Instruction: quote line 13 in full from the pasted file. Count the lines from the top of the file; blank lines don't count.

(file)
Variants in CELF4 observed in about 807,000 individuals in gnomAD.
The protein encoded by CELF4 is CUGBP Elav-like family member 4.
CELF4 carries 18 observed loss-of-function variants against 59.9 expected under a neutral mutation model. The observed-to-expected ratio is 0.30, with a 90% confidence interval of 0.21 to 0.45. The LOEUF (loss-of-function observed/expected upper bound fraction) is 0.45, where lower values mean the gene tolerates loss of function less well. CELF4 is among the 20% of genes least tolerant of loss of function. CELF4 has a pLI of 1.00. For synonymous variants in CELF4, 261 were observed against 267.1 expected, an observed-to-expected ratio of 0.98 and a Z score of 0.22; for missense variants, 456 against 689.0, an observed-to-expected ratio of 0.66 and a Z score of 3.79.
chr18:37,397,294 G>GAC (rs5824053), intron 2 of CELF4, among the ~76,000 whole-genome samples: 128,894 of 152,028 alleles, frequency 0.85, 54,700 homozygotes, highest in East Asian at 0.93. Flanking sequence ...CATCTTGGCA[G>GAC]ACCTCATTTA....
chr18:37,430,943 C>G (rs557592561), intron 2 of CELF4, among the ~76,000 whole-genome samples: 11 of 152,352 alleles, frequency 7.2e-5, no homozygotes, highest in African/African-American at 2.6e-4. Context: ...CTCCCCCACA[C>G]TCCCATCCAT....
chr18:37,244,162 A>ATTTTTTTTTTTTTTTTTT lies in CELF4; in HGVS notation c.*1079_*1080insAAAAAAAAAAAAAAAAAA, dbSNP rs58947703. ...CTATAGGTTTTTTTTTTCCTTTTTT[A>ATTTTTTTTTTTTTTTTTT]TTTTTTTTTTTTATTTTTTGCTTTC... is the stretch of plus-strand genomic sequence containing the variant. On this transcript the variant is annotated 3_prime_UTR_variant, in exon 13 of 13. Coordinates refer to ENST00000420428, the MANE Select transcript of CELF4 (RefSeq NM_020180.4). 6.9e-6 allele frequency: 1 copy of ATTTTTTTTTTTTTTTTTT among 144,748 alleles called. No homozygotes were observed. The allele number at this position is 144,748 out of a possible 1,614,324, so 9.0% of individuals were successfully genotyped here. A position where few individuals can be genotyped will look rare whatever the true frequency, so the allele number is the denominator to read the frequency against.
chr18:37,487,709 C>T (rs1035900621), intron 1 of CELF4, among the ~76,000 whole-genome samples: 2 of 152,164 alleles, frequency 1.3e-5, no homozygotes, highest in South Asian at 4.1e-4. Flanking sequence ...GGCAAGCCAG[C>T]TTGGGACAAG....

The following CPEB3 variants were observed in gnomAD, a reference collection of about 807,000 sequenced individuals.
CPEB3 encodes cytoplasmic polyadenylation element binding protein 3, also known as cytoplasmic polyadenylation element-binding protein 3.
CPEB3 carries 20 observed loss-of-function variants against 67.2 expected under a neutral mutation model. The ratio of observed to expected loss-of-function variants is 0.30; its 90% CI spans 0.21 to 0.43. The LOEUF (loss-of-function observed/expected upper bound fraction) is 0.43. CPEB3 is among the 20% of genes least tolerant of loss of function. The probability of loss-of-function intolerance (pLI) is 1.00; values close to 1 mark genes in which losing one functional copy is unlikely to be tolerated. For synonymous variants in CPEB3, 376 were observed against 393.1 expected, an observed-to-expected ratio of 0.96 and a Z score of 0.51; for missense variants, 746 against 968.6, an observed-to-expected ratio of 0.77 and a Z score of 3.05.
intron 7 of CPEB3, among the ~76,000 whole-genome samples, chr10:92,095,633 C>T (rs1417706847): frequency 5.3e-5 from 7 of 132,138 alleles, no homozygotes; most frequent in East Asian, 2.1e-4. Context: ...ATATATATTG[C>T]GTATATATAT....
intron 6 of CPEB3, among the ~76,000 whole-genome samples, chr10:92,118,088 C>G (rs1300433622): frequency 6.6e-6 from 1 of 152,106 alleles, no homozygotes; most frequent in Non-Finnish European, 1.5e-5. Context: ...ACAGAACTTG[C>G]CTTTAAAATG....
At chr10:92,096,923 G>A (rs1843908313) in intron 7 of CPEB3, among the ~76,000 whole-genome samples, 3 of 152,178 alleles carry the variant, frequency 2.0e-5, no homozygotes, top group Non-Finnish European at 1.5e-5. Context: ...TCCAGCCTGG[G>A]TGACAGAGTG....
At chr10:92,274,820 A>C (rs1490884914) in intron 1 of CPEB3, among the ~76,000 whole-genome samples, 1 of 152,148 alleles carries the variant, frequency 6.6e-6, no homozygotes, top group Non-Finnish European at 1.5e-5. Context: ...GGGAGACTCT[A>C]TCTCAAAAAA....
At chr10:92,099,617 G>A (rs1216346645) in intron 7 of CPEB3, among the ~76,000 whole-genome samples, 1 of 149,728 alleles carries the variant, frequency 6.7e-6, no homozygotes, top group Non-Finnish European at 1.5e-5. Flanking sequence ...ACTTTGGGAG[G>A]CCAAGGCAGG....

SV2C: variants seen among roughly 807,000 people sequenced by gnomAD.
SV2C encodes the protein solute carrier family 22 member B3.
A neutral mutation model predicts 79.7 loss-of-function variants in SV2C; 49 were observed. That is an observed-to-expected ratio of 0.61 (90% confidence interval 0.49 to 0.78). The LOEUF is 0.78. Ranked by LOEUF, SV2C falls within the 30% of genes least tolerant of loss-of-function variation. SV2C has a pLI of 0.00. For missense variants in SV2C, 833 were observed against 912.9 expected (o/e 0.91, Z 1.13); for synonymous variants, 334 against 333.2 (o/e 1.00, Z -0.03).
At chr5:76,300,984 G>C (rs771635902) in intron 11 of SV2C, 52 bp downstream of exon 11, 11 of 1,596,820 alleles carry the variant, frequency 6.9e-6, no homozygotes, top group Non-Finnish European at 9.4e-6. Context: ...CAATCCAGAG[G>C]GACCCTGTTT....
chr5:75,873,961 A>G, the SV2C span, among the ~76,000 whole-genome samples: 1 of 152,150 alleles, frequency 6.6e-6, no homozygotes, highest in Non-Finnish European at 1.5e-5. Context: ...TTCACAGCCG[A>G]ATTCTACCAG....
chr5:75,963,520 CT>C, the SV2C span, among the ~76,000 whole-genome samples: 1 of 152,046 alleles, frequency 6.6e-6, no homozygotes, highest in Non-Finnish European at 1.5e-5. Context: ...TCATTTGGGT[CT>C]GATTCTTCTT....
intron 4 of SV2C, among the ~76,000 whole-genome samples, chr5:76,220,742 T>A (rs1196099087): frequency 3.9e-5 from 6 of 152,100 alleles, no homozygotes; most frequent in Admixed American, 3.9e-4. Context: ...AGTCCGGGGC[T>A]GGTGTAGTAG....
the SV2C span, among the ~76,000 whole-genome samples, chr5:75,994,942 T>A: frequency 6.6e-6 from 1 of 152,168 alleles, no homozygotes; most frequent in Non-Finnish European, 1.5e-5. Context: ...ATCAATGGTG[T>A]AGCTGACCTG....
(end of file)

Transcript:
At chr10:92,096,923 G>A (rs1843908313) in intron 7 of CPEB3, among the ~76,000 whole-genome samples, 3 of 152,178 alleles carry the variant, frequency 2.0e-5, no homozygotes, top group Non-Finnish European at 1.5e-5. Context: ...TCCAGCCTGG[G>A]TGACAGAGTG....